To have any success in knowing God’s Word and practicing it effectively, it takes more than scanning through some verses here and there. It requires diligence, work, and careful care—dividing the word of truth in a way that’s approved unto God (2 Timothy 2:16). The payoff will be a mind that’s renewed, as well as the ability to discern God’s good, acceptable and perfect will(Romans 12:2, Col. 3:10, 2 Tim. 3:16, Heb. 11:6, Jer. 29:13, Gal. 5:22-23).

                ‘Practice’ isn’t based on outward works displayed to impress others with false humility. It deals with the inner man. The Proverbs are full of wisdom re: the heart of the inner man (Prov. 2:2, 4:23-27, 14:30, Prov. 23:7, 12…). The apostle Paul, in his prayer for the Ephesian believers, asked God for them to be strengthened with might by His Spirit in the inner man. A strong inner man/woman has their senses trained to discern both good and evil (Eph. 3:16, Heb. 5:14).

                How we respond when we’re tired, stressed, or don’t get our way matters. Do we display impatience, snap at others, raise our voices, complain, gossip, etc.?  All areas that incite our fleshly nature to act out in these ways are opportunities ‘to put into practice’ God’s ways, displaying the fruit of the Spirit instead (1 John 2:16-17, Gal. 5:16, 19-26).

                It’s not always easy and I fall short too often, but God’s grace is sufficient and His mercies are new every morning (2 Cor. 12:9, Lam. 3:22-23).  We all struggle in different areas of the flesh that we need extra ‘practice’ in. Some of mine are in the ‘verbal’ realm. Whether it’s dominating a conversation or trying to debate with those with differing ideas, opinions or beliefs than my own, I am convicted (sometimes afterwards) of God’s words of truth: “…be swift to hear, slow to speak” (James 1:19); “Let nothing be done through selfish ambition or conceit, but in lowliness of mind let each esteem others better than himself” (Phil. 2:3); “Don’t be rash with your mouth, and let not your heart say anything hastily before God…Therefore let your words be few…a fool’s voice is known by his many words” (Eccl. 5:2-3); or lastly “…a servant of the Lord must not quarrel but be gentle to all, able to teach, patient, in humility correcting those who are in opposition…” (2 Tim. 2:24-25). These exercises, even as I fail at them, remind me that it’s back to the ‘practice field’ awaiting another opportunity to hopefully ‘nail it’ next time, while accepting God’s chastisement in humility as He corrects in love.  Although it may not seem pleasant at the time, afterward it’ll yield the peaceable fruit of righteousness when we allow ourselves to be trained by it (Heb. 12:5-11, Gal. 5:22-23).

                The key for success on the playing field is to become aware of our areas of weakness that need to be crucified and replaced by the Lord Jesus Christ, which makes no room for the flesh (Gal. 5:19-21, 24, 1 John 2:16-17, Rom. 13:14). This is crucial as well as taking more care to pray up when a situation arises that one may be more inclined to be tempted to sin in (Phil. 4:6). Don’t be too hard on yourself when you fail—if at first you don’t succeed, ‘try, try again’. You can be confident that He Which has begun a good work in you, will perform it until the day of Jesus Christ (Phil. 1:6).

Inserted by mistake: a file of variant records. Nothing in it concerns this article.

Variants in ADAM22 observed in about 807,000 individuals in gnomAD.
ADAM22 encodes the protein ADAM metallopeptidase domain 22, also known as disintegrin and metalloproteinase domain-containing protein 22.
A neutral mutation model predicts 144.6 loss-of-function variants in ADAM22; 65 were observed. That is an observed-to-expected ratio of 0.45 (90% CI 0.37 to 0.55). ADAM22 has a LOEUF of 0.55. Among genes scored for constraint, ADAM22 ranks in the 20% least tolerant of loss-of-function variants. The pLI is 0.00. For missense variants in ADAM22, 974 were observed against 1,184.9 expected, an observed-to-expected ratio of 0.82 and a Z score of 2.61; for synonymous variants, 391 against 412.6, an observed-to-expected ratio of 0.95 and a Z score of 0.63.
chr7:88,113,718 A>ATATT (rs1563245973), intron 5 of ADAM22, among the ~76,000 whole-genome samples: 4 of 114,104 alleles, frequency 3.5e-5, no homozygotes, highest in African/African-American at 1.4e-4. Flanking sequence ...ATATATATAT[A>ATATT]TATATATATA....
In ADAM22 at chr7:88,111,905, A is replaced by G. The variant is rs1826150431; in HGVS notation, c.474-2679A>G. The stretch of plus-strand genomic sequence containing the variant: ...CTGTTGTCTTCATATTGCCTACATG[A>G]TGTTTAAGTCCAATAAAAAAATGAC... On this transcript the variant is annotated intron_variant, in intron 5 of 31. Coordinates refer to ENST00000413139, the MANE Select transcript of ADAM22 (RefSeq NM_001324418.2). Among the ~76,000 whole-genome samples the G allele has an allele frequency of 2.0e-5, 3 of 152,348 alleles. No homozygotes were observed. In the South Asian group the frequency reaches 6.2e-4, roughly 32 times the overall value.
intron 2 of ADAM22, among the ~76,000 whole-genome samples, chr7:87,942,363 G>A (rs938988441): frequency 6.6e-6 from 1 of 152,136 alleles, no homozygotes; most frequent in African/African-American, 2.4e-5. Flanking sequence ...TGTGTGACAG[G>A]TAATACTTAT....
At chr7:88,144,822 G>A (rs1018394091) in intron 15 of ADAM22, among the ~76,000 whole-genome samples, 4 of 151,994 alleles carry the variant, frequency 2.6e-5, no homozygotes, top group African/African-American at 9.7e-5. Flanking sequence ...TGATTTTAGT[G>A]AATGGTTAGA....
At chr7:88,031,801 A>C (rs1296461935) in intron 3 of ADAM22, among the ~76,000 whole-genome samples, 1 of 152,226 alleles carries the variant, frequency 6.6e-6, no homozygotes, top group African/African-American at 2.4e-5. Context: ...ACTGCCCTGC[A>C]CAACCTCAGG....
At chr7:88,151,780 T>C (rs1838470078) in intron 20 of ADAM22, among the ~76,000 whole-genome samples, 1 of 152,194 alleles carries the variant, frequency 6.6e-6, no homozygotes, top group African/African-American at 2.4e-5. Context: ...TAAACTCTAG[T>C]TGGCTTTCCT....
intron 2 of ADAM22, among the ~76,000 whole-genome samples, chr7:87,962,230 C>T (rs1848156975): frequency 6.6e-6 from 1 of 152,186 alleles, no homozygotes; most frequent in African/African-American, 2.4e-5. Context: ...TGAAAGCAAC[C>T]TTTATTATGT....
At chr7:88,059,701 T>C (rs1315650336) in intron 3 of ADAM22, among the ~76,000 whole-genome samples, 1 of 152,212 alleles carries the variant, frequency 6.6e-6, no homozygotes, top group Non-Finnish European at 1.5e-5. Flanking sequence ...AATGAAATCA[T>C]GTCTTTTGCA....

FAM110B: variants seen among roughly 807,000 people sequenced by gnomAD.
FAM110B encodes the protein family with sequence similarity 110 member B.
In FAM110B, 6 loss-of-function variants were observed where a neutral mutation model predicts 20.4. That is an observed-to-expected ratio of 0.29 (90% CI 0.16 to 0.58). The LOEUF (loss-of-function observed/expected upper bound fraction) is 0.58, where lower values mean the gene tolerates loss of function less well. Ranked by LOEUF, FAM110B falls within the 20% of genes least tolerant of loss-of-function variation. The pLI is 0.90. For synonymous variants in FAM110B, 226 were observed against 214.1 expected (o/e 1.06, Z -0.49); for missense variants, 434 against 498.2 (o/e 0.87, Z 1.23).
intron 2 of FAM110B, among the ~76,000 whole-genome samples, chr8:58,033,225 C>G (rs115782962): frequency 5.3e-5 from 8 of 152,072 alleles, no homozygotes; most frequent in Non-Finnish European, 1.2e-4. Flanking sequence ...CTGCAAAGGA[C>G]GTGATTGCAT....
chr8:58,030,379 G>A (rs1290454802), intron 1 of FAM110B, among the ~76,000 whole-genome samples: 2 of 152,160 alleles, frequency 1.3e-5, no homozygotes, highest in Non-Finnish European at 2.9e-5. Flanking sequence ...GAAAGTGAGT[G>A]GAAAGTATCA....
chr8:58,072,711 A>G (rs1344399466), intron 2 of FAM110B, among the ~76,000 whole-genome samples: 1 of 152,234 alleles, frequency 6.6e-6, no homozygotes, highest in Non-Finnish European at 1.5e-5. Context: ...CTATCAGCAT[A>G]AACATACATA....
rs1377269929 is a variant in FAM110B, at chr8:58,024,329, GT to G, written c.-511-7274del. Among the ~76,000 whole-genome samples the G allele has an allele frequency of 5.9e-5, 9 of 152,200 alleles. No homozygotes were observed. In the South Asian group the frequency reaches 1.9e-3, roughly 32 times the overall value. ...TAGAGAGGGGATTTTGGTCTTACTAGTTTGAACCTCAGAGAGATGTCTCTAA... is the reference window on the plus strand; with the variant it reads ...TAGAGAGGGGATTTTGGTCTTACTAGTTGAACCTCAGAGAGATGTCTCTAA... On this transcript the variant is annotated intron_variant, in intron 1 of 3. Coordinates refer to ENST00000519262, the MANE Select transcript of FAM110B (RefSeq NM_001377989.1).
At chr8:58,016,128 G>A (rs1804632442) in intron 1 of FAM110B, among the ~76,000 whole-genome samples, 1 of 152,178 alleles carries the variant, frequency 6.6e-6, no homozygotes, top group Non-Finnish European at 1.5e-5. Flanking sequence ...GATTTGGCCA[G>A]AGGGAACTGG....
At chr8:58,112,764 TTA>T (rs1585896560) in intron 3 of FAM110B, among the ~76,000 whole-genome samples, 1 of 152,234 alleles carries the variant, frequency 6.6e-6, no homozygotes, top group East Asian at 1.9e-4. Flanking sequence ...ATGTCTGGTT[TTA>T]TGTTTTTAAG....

So put forth your time exercising and practicing toward the things that will make a difference on ‘game day’ (1 Tim. 4:7-8, 2 Cor. 4:16-18).

Laura                                                                                    

He Took a Lowly Position


•Even though He had connections He didn’t use them to gain special advantage or privilege to become socially mobile or to impress the ruling class, but chose to make Himself of no reputation (Phil. 2:5-7).

•His first bed was a manger and His earthly family ordinary (Luke 2:12, Matt. 13:54-57).

•His own people did not receive Him (John 1:10-11, 5:43).

•His ministry was heralded in by a scruff, wild man who wore animal skins. (Mark 1:6, John 1:29-34).

•His disciples weren’t gathered from the most prestigious schools or curated from those who had the best resumes, but from the shores of Galilee, where there were fishermen (Matt. 4:18-22). 

•He was basically homeless as He traveled about (Matt. 8:20).

•He didn’t allow polls, ’fake news’, ‘what was trending’, or man’s opinions to affect the mission He was set out to accomplish. He didn’t give in to false praise, worldly temptations and taunting snares meant to entrap Him (John 2:24-25, 9:16, 10:20, Luke 4:1-12, 23, 11:53-54, 16:15).

•He made his triumphant entry, not on a noble steed, but on a donkey—a mark of lowliness (John 12:13-15, Matt. 21:1-22—prophesied in Zech. 9:9). 

•He was likened as a worm and not a man; a reproach of men, and despised of the People (Psalm 22:6).

I guess one could say that Jesus Christ was a PR nightmare.

                The only begotten Son of God humbled Himself, having no set agenda of His own, but obeyed only what His heavenly Father told Him to say and do, even to the point of death on a cross (John 5:30, 6:38-40, 8:28-29, 12:49, 14:10, 24, 17:8, 14, 19:30, Phil. 2:8).  Some have said of Mel Gibson’s film, “The Passion of the Christ” that it was excessive and went ‘over the top’—exaggerating Christ’s humiliation. The Scriptures say otherwise:

•“…His visage was marred more than any man and His form more than the sons of men…” (Isaiah 52:14)

Prophesied of the Messiah in Isaiah 53:

• (vs 3) Despised and rejected by men…a Man of sorrows and acquainted with grief

• (vs 5) Wounded for our transgressions—bruised for our iniquities—chastised for our peace